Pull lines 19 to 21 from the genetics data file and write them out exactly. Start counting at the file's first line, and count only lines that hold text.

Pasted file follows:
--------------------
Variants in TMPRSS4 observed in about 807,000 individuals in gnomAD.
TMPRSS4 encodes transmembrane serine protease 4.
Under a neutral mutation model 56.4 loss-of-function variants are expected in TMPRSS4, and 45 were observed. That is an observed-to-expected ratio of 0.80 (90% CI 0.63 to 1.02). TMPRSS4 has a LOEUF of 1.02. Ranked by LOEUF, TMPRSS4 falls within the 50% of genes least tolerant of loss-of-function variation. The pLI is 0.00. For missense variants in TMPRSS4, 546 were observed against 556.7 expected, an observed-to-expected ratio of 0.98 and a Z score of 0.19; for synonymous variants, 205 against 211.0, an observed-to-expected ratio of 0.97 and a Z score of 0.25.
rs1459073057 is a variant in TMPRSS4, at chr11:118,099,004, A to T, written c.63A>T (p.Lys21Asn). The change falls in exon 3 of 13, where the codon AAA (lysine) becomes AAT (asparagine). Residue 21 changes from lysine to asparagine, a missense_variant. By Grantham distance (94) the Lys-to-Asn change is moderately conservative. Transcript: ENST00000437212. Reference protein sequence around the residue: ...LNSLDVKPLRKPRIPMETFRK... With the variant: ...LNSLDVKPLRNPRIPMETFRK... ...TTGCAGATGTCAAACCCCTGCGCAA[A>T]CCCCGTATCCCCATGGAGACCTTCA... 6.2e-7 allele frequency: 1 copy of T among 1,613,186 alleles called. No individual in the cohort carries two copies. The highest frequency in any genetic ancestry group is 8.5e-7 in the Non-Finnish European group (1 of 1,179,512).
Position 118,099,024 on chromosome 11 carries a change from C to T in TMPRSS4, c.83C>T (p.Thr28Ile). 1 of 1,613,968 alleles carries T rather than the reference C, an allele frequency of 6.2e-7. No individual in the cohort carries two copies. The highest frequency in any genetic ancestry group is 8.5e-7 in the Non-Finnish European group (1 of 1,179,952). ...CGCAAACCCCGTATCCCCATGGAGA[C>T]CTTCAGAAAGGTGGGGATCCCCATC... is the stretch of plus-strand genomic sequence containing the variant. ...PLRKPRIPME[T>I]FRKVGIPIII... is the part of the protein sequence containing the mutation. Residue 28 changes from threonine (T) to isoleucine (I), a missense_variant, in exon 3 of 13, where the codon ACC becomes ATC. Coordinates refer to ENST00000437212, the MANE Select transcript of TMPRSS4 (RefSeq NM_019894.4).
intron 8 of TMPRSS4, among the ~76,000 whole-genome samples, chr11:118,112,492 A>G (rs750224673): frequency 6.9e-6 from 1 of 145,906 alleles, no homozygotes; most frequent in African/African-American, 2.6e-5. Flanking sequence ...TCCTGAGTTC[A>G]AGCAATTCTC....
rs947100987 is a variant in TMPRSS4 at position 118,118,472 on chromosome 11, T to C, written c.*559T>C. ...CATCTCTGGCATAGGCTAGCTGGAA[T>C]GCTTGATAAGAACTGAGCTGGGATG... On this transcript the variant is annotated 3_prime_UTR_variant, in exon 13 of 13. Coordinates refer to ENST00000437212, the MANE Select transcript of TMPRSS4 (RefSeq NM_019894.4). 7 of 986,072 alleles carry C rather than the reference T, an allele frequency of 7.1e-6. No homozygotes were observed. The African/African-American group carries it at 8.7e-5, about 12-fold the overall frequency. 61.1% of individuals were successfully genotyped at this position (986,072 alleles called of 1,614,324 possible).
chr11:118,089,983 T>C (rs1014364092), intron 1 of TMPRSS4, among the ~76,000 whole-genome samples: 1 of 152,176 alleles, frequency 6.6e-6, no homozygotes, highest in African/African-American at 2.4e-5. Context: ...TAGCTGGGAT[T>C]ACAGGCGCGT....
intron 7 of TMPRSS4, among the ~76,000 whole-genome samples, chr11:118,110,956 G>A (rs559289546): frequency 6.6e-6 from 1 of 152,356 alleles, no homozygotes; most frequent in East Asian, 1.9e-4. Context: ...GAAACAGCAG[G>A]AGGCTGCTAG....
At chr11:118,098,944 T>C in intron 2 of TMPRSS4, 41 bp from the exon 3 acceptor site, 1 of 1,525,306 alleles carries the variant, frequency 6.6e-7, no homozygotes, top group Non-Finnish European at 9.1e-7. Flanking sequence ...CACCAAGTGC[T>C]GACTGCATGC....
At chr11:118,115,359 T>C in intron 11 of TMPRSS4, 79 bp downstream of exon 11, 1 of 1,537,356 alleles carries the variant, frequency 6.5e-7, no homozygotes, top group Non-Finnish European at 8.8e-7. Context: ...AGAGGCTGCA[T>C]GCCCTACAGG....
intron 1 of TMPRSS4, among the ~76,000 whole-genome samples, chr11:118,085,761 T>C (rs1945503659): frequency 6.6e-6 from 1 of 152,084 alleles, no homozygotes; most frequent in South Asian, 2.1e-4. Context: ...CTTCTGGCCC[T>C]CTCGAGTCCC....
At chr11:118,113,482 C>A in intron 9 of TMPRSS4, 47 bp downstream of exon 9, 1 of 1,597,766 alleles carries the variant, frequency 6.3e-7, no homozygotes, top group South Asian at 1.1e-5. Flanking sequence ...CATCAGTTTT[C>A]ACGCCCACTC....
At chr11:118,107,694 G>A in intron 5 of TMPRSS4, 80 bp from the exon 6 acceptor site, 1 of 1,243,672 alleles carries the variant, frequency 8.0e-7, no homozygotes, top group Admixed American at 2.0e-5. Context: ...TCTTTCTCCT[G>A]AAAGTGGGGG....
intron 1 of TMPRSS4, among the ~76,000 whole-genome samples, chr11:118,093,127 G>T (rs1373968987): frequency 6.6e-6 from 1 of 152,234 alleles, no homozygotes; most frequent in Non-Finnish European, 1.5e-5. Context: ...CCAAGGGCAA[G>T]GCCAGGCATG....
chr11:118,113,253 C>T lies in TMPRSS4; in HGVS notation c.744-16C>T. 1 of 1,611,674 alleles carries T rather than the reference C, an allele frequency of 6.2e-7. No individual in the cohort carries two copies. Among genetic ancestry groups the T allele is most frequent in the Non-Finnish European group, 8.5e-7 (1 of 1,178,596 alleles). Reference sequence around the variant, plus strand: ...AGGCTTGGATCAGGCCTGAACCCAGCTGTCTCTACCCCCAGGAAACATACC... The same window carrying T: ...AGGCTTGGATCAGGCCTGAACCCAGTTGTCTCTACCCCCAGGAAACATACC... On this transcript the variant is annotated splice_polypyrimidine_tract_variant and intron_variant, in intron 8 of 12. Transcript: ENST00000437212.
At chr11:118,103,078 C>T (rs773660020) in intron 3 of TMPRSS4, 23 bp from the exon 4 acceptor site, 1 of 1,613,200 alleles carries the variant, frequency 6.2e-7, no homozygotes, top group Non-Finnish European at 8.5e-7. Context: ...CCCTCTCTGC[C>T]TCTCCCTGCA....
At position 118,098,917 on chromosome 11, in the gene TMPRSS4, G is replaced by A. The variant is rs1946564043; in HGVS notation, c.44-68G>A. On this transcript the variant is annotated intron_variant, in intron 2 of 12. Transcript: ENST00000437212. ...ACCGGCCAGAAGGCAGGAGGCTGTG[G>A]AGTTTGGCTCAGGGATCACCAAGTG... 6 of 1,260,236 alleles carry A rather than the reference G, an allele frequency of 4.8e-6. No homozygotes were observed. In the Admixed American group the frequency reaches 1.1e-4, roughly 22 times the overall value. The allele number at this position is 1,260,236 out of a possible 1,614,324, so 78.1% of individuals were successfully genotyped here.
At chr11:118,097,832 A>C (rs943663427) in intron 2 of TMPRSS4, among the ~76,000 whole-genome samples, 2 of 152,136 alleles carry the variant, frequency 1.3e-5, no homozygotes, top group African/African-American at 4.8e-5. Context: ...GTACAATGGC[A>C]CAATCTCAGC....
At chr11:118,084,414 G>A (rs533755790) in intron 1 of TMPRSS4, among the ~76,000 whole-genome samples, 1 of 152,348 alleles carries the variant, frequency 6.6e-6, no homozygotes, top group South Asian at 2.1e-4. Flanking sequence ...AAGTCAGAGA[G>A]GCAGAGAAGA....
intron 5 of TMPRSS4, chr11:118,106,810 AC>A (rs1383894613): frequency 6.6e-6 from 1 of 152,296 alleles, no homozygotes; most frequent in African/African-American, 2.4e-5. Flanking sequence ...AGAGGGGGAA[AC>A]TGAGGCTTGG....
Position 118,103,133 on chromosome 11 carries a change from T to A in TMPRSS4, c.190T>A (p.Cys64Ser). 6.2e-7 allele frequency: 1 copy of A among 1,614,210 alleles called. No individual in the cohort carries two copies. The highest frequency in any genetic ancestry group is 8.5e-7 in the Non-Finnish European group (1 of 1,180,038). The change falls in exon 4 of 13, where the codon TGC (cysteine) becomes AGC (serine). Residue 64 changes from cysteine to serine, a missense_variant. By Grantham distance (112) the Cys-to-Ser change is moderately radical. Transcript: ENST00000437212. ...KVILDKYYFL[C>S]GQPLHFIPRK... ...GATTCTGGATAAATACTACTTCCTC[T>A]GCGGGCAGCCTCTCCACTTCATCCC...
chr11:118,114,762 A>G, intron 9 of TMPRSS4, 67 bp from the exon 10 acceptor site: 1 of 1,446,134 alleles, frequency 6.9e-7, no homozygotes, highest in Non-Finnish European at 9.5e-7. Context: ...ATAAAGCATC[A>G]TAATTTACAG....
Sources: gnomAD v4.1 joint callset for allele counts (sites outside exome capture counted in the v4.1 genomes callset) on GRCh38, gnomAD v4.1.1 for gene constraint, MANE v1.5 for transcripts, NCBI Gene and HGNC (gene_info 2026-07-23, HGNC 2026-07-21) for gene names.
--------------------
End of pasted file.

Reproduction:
At chr11:118,097,832 A>C (rs943663427) in intron 2 of TMPRSS4, among the ~76,000 whole-genome samples, 2 of 152,136 alleles carry the variant, frequency 1.3e-5, no homozygotes, top group African/African-American at 4.8e-5. Context: ...GTACAATGGC[A>C]CAATCTCAGC....
At chr11:118,084,414 G>A (rs533755790) in intron 1 of TMPRSS4, among the ~76,000 whole-genome samples, 1 of 152,348 alleles carries the variant, frequency 6.6e-6, no homozygotes, top group South Asian at 2.1e-4. Flanking sequence ...AAGTCAGAGA[G>A]GCAGAGAAGA....
intron 5 of TMPRSS4, chr11:118,106,810 AC>A (rs1383894613): frequency 6.6e-6 from 1 of 152,296 alleles, no homozygotes; most frequent in African/African-American, 2.4e-5. Flanking sequence ...AGAGGGGGAA[AC>A]TGAGGCTTGG....